**Q9.If Y= {1,2,3,…, 10}, and a represents any element of Y, write the following sets, containing all the elements satisfying the given conditions.
**

**Q10. A, B and C are subsets of Universal Set If A = {2, 4, 6, 8, 12, 20}, B= {3,6,9,12,15}, C= {5,10,15,20} and U is the set of all whole numbers, draw a Venn diagram showing the relation of U, A, B and C.
**

**Q11. Let U be the set of all boys and girls in a school, G be the set of all girls in the school, B be the set of all boys in the school, and S be the set of all students in the school who take swimming. Some, but not all, students in the school take swimming. Draw a Venn diagram showing one of the possible interrelationship among sets U, G, B and S.**

**Q12. For all sets A, B and C, show that (A – B) âˆ© (C – B) = A – (B âˆª C)
**

**Instruction for Exercises 13-17: Determine whether each of the statements in these exercises is true or false. Justify your answer.**

**Q13. For all sets A and B, (A – B)âˆª (Aâˆ© B) = A**

**Sol:** True

L.H.S. = (A-B) âˆª (Aâˆ©B) = [(A-B) âˆªA] âˆ© [(A – B) âˆªB]

= Aâˆ© (A-B) = A= R.H.S.

Hence, given statement is true.

**Q14. For all sets A, B and C, A – (B-C) = (A- B)-C
Sol: FalseÂ **

**Q15. For all sets A, B and C, if A âŠ‚ B, then Â A âˆ©C<âŠ‚B âˆ©C
**

**Sol:** True

LetÂ Â Â Â Â Â Â Â Â x âˆˆAâˆ©C

=> x âˆˆ A* and *xâˆˆ C

**Q16. For all sets A, B and C, if AâŠ‚ B, then A âˆª CâŠ‚ B âˆª C **

**Sol:** True

**Q17. For all sets A, B and C, if AâŠ‚ C and B âŠ‚ C,then Aâˆª B âŠ‚ C**

**Instruction for Exercises 18-22: Using properties of sets prove the statements given in these exercises.**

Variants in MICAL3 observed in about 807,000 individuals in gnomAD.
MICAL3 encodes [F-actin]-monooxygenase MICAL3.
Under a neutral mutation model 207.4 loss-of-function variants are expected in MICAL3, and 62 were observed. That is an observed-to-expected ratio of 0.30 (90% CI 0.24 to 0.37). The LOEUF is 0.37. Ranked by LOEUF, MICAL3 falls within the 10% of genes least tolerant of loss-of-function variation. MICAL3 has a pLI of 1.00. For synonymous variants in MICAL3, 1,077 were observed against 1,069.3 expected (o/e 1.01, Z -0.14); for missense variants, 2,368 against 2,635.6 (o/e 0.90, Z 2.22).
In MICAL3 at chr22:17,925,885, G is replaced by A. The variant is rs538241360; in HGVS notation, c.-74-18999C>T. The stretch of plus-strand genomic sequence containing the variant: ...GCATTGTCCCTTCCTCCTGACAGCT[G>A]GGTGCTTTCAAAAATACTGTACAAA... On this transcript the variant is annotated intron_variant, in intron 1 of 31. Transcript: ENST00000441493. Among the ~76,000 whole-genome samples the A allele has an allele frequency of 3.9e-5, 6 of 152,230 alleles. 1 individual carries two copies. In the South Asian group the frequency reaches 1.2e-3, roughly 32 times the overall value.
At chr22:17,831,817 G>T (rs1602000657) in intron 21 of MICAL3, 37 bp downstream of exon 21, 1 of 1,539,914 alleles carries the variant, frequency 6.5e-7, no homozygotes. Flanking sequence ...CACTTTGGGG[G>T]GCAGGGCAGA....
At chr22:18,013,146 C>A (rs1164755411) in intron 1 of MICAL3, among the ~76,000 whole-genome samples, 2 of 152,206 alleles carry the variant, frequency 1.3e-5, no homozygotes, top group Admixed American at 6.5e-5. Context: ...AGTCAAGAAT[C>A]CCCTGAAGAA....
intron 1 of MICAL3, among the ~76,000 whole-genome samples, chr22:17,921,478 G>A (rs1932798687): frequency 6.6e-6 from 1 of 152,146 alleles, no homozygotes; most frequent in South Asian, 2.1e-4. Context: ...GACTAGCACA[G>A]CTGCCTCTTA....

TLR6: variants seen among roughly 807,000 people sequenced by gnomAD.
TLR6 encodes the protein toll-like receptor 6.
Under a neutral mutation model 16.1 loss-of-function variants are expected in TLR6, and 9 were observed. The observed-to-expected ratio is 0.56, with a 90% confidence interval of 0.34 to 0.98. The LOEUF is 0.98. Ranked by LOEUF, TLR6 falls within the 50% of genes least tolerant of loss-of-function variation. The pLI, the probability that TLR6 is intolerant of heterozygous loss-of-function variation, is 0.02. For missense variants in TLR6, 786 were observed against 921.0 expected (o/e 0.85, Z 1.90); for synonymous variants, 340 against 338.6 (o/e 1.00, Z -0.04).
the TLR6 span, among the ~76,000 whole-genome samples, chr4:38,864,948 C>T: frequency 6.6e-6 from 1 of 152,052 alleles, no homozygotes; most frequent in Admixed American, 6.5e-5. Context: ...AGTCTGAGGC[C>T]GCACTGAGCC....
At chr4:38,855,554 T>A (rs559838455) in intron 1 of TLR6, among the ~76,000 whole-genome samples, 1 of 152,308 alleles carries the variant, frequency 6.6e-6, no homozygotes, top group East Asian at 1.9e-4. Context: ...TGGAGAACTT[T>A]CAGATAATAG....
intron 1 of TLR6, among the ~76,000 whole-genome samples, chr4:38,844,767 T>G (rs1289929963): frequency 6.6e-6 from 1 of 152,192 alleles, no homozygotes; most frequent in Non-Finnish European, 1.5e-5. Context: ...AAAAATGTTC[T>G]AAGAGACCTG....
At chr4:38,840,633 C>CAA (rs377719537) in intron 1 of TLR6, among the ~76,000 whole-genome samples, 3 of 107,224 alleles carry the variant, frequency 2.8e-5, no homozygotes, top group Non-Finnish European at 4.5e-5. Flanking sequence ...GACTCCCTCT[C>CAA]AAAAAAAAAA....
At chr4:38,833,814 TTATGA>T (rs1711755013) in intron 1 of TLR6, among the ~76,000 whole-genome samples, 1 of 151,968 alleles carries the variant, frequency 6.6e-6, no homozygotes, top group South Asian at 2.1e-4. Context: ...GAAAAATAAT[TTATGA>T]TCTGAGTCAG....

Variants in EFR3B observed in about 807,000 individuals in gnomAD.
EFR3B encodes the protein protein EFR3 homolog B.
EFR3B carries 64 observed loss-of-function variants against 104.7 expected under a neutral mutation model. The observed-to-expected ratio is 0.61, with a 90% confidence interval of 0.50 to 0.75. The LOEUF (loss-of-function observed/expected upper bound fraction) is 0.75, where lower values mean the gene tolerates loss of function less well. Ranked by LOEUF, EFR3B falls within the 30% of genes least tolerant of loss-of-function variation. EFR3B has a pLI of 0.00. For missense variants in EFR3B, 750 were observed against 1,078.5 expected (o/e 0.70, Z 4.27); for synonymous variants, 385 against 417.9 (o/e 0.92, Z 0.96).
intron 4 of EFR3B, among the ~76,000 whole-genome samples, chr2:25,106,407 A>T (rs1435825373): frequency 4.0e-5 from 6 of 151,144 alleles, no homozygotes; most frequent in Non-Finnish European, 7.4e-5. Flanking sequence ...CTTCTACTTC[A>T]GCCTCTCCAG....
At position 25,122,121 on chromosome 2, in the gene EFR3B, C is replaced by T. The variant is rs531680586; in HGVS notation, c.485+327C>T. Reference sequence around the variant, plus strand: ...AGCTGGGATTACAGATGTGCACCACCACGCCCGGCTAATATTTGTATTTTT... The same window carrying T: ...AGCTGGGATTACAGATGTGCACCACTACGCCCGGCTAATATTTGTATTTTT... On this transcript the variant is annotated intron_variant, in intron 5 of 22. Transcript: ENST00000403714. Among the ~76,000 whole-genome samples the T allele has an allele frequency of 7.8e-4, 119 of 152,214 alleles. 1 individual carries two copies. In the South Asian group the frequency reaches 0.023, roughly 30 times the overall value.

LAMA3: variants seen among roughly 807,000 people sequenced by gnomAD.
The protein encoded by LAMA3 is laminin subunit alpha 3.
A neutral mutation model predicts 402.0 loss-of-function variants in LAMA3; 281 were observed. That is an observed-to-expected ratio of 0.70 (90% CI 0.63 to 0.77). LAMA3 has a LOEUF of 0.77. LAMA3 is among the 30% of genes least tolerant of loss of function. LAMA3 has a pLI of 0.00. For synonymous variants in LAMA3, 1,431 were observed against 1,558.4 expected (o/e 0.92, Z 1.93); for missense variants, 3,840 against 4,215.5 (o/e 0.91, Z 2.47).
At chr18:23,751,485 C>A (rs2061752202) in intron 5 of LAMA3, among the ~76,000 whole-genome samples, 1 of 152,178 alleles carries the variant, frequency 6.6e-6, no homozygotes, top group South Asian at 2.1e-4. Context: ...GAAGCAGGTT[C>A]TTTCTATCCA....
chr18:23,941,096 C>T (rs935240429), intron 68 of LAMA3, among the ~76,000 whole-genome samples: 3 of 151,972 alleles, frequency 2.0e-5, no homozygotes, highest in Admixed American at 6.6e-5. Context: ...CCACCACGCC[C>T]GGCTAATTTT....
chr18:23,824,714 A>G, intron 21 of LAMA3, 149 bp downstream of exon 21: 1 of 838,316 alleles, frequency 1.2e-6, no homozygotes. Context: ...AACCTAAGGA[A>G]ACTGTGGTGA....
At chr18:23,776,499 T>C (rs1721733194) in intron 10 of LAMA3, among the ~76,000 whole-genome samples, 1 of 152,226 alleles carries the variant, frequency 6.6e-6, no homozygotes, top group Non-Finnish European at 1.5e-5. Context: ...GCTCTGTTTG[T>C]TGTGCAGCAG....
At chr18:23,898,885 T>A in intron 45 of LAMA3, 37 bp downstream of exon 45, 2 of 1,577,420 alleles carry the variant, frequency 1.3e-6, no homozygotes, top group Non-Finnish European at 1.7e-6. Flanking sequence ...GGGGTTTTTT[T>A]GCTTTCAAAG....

**Q18. For all sets A and B, A âˆª (B -A) = A âˆª B
**

**Q19. For all sets A and B, A – (A – B) = A âˆ© B
**

Q20. For all sets A and B, A – (A âˆ© B) = A – B

**Q21. For all sets A and B,(A âˆª B)- B = A-B
**

**Long Answer Type Questions**

**Q23. Let A, B and C be sets. Then show that A âˆ© (B âˆª C) = (A âˆ© B)âˆª (A âˆ© C).
**

From (i) and (ii), we get .Â Â Â Â Â Â Â Â Â Â Â Â Â Â Â Â Â Â Â Â Â Â Â Â Â Â Â Â Â .

A âˆ© (B âˆª C) = (A âˆ© B) âˆª (A âˆ© C)

**Q24. Out of 100 students; 15Â passed in English, 12 passed in Mathematics, 8 in Science,6 in English and Mathematics, 7 in Mathematics and Science; 4 in English and Science; 4 in all the three. Find how many passed**

**(i) in English and Mathematics but not in Science**

**(ii) in Mathematics and Science but not in English**

**(iii) in Mathematics only**

**(iv) in more than one subject only**

**Sol.** Let M be the set of students who passed in Mathematics, E be the set of students who passed in English and S be the set of students who passed in Science.

Given n (U) = 100,

n(E) = 15, n(M) = 12, n(S) = 8,

n(E âˆ© M) = 6, n(M âˆ©S) = 7, n(E âˆ© S) â€” 4, and n(E âˆ©M âˆ© S) = 4,

Number of students passed in English and Mathematics but not in Science = b = 2